“By comparison, it will be easing in the Northern Rivers and Mid North Coast [on Tuesday], but they can still expect about 100 millimetres,” she said.
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Jenny Noyes is a journalist at the Sydney Morning Herald.
Military devices usually deployed for beach landings will be rolled out to combat coastal erosion at Kington in south east South Australia.
The Kingston District Council has purchased a moveable aluminium panel, known as a FAUN Trackway, that is traditionally used by armed forces coming ashore.
After initial delays due to supply chain issues with the United Kingdom-made system, the council has confirmed it will arrive in the town before Christmas.
Chief executive Nat Traeger said the system will be used to provide a stable access-way for vehicles to the town’s boat ramp.
“Just picture a boat ramp on a roll,” Ms Traeger said.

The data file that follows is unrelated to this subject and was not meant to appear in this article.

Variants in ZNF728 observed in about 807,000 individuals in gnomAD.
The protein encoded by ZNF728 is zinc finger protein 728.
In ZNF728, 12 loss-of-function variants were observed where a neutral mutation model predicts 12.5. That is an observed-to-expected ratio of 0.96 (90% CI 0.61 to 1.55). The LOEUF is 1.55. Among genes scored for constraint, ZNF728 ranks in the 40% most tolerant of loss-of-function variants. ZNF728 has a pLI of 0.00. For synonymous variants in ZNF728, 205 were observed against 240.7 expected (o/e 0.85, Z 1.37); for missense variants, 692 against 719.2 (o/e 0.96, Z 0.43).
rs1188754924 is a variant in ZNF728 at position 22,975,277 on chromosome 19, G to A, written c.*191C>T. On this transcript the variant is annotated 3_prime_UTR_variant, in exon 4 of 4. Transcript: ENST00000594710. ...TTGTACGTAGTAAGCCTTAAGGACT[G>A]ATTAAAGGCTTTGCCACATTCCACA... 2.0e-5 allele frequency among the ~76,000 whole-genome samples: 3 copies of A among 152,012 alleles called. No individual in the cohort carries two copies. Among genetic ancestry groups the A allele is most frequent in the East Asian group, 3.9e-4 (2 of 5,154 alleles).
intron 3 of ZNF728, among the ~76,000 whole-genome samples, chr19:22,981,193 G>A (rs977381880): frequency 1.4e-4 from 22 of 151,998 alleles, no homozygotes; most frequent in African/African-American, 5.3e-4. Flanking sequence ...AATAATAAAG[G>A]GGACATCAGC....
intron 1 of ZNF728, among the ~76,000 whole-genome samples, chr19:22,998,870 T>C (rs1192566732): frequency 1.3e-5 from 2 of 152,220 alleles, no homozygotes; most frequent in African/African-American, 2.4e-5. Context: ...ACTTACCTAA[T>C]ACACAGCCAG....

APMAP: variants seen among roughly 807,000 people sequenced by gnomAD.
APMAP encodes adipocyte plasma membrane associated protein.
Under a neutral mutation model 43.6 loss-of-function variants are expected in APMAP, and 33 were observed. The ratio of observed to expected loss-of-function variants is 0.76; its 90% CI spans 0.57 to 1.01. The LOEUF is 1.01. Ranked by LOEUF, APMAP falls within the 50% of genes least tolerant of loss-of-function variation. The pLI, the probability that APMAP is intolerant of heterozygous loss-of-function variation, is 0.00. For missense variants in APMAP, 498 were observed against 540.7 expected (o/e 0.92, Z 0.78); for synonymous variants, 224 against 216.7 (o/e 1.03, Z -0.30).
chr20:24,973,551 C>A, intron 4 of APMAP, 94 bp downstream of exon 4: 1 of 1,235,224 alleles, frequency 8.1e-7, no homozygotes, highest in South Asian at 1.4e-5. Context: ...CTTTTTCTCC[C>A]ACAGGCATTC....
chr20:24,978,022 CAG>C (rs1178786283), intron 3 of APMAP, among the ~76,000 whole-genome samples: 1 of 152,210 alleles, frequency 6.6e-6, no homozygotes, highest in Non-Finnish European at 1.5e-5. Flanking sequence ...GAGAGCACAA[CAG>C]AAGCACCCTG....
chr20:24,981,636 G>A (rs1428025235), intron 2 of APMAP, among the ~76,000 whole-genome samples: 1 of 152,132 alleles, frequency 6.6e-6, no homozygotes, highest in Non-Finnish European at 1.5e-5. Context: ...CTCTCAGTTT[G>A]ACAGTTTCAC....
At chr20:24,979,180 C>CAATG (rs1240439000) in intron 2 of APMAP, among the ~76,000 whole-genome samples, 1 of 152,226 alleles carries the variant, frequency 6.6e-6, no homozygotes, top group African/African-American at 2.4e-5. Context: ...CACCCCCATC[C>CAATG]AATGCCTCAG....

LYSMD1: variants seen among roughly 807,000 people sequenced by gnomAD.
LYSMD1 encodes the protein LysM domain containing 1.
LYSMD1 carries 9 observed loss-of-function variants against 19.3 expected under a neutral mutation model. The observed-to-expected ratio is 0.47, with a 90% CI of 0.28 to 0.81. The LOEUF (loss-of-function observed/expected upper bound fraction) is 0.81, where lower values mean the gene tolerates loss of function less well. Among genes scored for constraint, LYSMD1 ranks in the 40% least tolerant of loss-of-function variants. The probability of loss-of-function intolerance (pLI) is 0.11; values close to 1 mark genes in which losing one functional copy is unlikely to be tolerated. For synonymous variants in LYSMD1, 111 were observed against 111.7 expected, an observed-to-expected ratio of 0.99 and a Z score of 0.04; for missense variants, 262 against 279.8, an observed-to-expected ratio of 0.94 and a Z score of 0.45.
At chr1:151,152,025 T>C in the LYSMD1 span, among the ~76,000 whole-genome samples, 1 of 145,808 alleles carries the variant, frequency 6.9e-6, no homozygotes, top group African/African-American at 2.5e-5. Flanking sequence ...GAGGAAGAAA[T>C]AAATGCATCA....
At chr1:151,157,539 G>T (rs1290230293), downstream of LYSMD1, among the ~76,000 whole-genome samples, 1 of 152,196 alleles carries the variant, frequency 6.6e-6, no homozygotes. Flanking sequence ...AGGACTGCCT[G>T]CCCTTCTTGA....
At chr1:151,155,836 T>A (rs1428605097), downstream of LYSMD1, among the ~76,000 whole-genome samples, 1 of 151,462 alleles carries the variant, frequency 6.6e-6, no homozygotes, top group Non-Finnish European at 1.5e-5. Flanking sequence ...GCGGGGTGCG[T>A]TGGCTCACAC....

“This is the first time it will be used in Australia for boat ramping and a non-military deployment but the concept is pretty straightforward.
The council originally ordered 50 metres of the track and a loader attachment to help with instalment, at a cost of $215,000.
Low availability of the product meant the council instead spent $70,000 to receive just 30 metres of track.
Ms Traeger said it would connect the Maria Creek ramp to the car park to allow locals and tourists to launch their boats.
“So quite often, the difficulty is not actually launching your boat from the concrete boat ramp, it’s actually getting to it,” she said.